Rochester woman fights eviction
By: Meaghan M. McDermott
Although Elizabeth McGriff got a much-appreciated reprieve from her pending eviction on Wednesday, she could still be removed any day now from her home on Cedarwood Terrace.
“The number of homeless all across this country is on the rise, and I don’t want to become one of them,” said McGriff on Wednesday as volunteers with the Rochester-based chapter of housing rights group Take Back the Land cheered and chanted on her front lawn. The group had turned out to protest and defend McGriff against her eviction, and to bring more attention to their fight to bring local community control over land and housing.
Take Back the Land’s Ryan Acuff said the group is working with as many as 15 local homeowners in various stages of foreclosure or pending foreclosure, trying to facilitate mortgage modifications or other arrangements that would keep people in their homes. Ultimately, he said, the group would like to see the Rochester area “take a look at the whole picture” and have governments join with other service agencies and groups to find real solutions to address homelessness and the counterproductive crisis of vacant and foreclosed homes.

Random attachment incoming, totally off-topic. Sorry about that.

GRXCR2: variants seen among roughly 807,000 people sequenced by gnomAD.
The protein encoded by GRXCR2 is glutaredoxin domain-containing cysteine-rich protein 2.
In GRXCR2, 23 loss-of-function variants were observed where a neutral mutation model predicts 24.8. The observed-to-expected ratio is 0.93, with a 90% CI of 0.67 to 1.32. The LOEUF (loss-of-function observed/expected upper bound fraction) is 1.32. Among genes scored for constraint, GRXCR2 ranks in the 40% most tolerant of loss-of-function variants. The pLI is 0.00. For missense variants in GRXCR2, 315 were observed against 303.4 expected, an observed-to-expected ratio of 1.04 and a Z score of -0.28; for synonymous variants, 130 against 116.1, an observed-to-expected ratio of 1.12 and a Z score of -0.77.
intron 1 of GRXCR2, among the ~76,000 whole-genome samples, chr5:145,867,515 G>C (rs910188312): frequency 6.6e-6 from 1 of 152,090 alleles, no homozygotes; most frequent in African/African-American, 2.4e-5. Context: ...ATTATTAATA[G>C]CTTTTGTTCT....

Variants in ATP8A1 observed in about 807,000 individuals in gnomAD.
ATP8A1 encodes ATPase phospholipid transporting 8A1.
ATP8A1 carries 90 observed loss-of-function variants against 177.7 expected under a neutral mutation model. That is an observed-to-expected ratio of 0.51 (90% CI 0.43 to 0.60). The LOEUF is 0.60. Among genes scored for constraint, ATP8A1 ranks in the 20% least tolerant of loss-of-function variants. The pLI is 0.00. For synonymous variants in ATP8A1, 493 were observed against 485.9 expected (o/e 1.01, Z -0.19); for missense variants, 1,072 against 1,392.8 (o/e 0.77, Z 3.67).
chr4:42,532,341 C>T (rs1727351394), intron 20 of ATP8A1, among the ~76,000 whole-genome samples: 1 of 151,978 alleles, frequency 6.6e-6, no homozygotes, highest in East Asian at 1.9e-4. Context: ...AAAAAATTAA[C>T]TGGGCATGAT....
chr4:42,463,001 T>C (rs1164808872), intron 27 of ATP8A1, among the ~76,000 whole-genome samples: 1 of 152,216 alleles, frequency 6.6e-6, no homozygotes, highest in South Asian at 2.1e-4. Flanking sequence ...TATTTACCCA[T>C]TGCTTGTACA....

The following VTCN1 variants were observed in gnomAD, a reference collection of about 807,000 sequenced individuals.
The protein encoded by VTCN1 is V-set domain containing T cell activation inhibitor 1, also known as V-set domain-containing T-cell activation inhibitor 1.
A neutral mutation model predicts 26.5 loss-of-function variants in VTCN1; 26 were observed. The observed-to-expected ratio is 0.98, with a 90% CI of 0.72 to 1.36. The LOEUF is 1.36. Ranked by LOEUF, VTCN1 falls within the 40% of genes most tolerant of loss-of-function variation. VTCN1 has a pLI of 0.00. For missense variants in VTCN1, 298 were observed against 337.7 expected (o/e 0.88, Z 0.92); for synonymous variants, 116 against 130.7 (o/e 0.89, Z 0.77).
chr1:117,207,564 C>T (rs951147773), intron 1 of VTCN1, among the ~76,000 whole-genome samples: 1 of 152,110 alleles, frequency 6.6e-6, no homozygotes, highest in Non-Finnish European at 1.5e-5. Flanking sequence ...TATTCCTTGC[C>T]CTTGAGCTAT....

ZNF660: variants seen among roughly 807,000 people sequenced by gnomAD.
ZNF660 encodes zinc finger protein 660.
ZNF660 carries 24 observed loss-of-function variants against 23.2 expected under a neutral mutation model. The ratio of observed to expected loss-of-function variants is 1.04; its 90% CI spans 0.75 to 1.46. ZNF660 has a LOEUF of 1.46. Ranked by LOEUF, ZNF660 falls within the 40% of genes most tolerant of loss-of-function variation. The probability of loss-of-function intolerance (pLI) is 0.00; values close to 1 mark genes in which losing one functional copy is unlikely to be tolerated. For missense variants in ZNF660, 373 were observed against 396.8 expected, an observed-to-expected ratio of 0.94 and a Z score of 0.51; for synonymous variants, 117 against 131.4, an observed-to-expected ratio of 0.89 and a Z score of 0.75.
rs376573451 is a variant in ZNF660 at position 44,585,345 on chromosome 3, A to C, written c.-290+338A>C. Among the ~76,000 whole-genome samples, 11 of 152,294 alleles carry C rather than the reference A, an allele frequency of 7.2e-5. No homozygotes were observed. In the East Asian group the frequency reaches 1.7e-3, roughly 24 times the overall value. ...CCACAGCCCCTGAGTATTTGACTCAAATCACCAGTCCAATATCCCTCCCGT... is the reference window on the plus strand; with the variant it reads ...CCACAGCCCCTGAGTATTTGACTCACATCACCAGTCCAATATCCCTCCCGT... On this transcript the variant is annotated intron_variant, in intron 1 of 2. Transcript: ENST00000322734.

McGriff purchased the three-bedroom colonial at 618 Cedarwood Terrace back in 2001. She paid $56,550 via a Federal Housing Authority mortgage loan. Her payments were $636 a month, payments she made diligently up until she hit financial troubles during the nation’s economic downturn in the late 2000s. And still, she made payments when she could while she sought a mortgage modification. In total, she estimates, she made more than 13 years of payments totaling nearly $100,000.
Her requests for modifications were denied, and lender MidFirst Bank foreclosed in April 2014. According to bank documents supplied by Take Back the Land, the lender has told McGriff it is preparing to convey the property to the U.S. Department of Housing and Urban Development (and collect FHA mortgage insurance on the property). But, the lender offered McGriff the opportunity to buy back the house — assessed at $73,000 — for no less than $129,720.45.
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